Boundaries are essential to happy relationships. That may seem counter-intuitive. “Aren’t happy couples always spending time together and sharing everything, and doing whatever will make their partner happy?” No. In fact, that previous sentence ought to send you screaming to the hills! For two people to really be happy in a relationship both persons need to know what their boundaries are and be able to clearly communicate them to one another.
The first tricky step is knowing what our boundaries are. Reflect on your history with someone. When were you feeling resentful and put out, even though you said yes? When were you angry with the other person for seemingly “no reason”? Chances are those were moments where your boundaries were being crossed but in the moment at least you weren’t fully aware of what your boundary was. And while it may be easy to look back and notice where we weren’t fully aware of our boundaries, the more important skill is to be aware of where our boundaries are in the present. To do that, I suggest doing two things.
First, before you say yes to a request check in with your body. Do you feel tight, tense, heavy, or tired? Then there’s probably some boundary there you need to articulate. Continue investigating your body. Are you tense because you’re always saying yes to this particular request, and you just wish this other person would do it themselves for a change? Are you feeling heavy because you have absolutely no desire to do this favor at all?
Second, really investigate why you want to say yes. Are you saying yes because you think you should? Are you telling yourself that a “good/understanding/compassionate/loving partner” would say yes? If that’s why you’re saying yes, then there’s probably some boundary that’s being crossed and your mind is talking you out of respecting your own boundary. So what is that boundary? Are you wanting more consideration and respect? Are you wanting more rest and ease?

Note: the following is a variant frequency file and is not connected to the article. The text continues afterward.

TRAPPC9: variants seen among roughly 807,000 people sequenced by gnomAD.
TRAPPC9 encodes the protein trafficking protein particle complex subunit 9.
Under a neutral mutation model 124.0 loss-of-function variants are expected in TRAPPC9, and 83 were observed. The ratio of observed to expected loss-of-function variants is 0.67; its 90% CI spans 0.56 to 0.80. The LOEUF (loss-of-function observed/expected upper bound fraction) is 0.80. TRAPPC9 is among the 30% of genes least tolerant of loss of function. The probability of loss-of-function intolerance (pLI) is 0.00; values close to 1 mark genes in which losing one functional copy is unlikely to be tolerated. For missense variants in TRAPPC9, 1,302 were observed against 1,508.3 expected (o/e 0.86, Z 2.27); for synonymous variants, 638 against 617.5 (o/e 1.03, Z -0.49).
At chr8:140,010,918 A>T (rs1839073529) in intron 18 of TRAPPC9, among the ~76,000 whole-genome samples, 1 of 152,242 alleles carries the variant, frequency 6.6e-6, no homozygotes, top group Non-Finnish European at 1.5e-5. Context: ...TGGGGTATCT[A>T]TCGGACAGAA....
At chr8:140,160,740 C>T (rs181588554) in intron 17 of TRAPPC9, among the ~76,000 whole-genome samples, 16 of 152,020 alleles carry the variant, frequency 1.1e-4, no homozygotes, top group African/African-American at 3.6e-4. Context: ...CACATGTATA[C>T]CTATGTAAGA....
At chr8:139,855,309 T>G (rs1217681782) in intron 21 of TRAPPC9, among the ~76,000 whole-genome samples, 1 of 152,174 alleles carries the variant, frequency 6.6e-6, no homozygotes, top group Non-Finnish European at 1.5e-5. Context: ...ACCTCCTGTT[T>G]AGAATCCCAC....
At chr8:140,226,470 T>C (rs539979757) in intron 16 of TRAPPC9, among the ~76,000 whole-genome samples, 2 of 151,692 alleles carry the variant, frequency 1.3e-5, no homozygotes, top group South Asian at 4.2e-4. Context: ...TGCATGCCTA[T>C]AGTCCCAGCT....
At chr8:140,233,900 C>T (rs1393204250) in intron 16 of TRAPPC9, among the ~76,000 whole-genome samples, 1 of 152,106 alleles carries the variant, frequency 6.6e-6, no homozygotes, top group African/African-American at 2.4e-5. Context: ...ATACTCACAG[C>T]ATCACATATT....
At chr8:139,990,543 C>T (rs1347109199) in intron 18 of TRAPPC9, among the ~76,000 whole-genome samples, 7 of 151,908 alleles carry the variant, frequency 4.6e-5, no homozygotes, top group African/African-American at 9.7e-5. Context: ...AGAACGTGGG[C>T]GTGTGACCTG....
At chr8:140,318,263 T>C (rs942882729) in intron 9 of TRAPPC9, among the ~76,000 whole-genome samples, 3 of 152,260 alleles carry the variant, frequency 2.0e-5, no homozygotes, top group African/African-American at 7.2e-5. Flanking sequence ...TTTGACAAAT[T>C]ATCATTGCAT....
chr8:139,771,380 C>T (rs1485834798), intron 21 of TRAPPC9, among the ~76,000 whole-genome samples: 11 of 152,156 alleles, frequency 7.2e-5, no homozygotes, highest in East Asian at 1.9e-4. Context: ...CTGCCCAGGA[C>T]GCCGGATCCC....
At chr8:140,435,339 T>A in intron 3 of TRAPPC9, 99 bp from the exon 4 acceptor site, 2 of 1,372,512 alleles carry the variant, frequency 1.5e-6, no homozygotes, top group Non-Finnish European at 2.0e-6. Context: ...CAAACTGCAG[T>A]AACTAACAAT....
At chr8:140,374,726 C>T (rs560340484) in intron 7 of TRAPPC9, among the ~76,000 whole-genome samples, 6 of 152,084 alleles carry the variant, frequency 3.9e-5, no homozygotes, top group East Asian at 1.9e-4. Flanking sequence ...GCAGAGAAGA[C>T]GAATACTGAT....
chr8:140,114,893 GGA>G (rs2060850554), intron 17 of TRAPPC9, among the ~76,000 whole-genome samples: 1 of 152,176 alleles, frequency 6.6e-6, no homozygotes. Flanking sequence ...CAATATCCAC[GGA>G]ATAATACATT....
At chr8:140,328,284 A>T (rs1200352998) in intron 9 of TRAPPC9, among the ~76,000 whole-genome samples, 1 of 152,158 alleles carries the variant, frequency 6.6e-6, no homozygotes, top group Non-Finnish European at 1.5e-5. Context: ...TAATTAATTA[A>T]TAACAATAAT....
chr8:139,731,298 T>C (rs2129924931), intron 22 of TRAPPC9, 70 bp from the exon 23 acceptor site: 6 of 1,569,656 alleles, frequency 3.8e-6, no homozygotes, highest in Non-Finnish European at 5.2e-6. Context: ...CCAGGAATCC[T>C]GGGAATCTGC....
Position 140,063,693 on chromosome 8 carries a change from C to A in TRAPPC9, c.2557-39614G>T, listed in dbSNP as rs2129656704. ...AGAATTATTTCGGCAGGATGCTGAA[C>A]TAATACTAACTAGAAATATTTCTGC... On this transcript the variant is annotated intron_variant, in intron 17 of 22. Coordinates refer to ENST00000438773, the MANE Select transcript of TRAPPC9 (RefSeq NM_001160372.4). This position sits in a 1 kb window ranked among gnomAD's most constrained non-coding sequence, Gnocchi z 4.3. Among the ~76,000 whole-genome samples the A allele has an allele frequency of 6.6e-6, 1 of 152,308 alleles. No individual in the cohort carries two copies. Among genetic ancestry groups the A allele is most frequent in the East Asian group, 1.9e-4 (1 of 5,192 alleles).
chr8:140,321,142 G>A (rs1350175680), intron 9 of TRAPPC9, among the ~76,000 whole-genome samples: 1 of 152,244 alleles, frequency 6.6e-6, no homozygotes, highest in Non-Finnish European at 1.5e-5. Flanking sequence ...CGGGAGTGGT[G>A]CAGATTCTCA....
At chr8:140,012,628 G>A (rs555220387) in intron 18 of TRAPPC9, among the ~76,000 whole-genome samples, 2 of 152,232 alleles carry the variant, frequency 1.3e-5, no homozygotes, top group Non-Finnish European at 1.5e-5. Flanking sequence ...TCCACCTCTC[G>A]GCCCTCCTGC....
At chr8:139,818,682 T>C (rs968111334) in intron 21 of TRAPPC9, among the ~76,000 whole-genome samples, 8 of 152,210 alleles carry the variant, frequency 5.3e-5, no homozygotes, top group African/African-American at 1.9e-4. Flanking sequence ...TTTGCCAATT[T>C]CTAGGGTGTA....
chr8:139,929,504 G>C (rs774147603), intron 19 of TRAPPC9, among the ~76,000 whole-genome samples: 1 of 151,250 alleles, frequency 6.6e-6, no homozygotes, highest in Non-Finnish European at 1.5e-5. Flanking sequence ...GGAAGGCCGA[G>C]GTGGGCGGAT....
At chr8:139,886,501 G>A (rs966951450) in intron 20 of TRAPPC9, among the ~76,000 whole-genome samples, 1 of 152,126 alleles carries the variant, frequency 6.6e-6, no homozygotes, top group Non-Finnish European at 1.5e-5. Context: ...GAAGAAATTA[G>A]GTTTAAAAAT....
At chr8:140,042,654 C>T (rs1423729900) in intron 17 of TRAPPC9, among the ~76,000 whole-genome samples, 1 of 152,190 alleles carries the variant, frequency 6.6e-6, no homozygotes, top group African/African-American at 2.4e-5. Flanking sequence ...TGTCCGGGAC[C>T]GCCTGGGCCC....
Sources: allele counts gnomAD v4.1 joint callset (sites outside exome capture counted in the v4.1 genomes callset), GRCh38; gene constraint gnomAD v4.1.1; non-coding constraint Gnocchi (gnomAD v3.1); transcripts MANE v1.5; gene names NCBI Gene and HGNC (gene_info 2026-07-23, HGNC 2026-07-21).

In short, to know what your boundary is, you need to know what it is you want in this particular situation. It’s both that simple, and that hard. Often our families of origins or various cultural messages have taught us to devalue what it is that we want. But that is a recipe for ignoring and even not being aware of what our boundaries are. And without knowing what our boundaries are we will automatically sacrifice and sacrifice and sacrifice until we’re so resentful we explode.
Now, once you become aware of what your boundaries are, the next tricky step is communicating them clearly and healthfully. Here’s an unhealthy way to express your boundaries: “God! You are such an inconsiderate jerk! You never thank me for helping you out, and you certainly don’t ever ask if I need help!!” Blaming the other person, labeling them as bad or “a jerk” is not going to help your partner hear the boundary you are trying to establish. Instead they are going to feel hurt and alienated from you. And in that condition, they aren’t going to be all that interested in respecting your boundaries.
So to communicate your boundaries in a healthy and direct way you’ll need to share vulnerably. You’ll need to open up about what emotions you’re feeling and what precious values or needs this boundary is protecting for you. Something closer to: “I don’t want to clean the kitchen again this week because I feel really sad and invisible when my hard work isn’t acknowledged and appreciated.”
Could that sentence start a fight? Absolutely. But communicating our boundaries in a direct and healthy way isn’t about avoiding conflict. In fact doing this often brings latent conflict up into conscious awareness. In that example, the conflict over the kitchen and being appreciated for doing that is already present…it just wasn’t being talked about. Communicating that boundary doesn’t create the conflict; it merely draws the conflict into conscious awareness. And it’s only when both persons are actively aware of the conflict that a real solution can be found.
KindCommunication.org is a project by a close friend of Wiki World Order, Alex Leach. WWO fully supports the study, practice, and teaching of non-violent communication as one of the core solutions which already exists.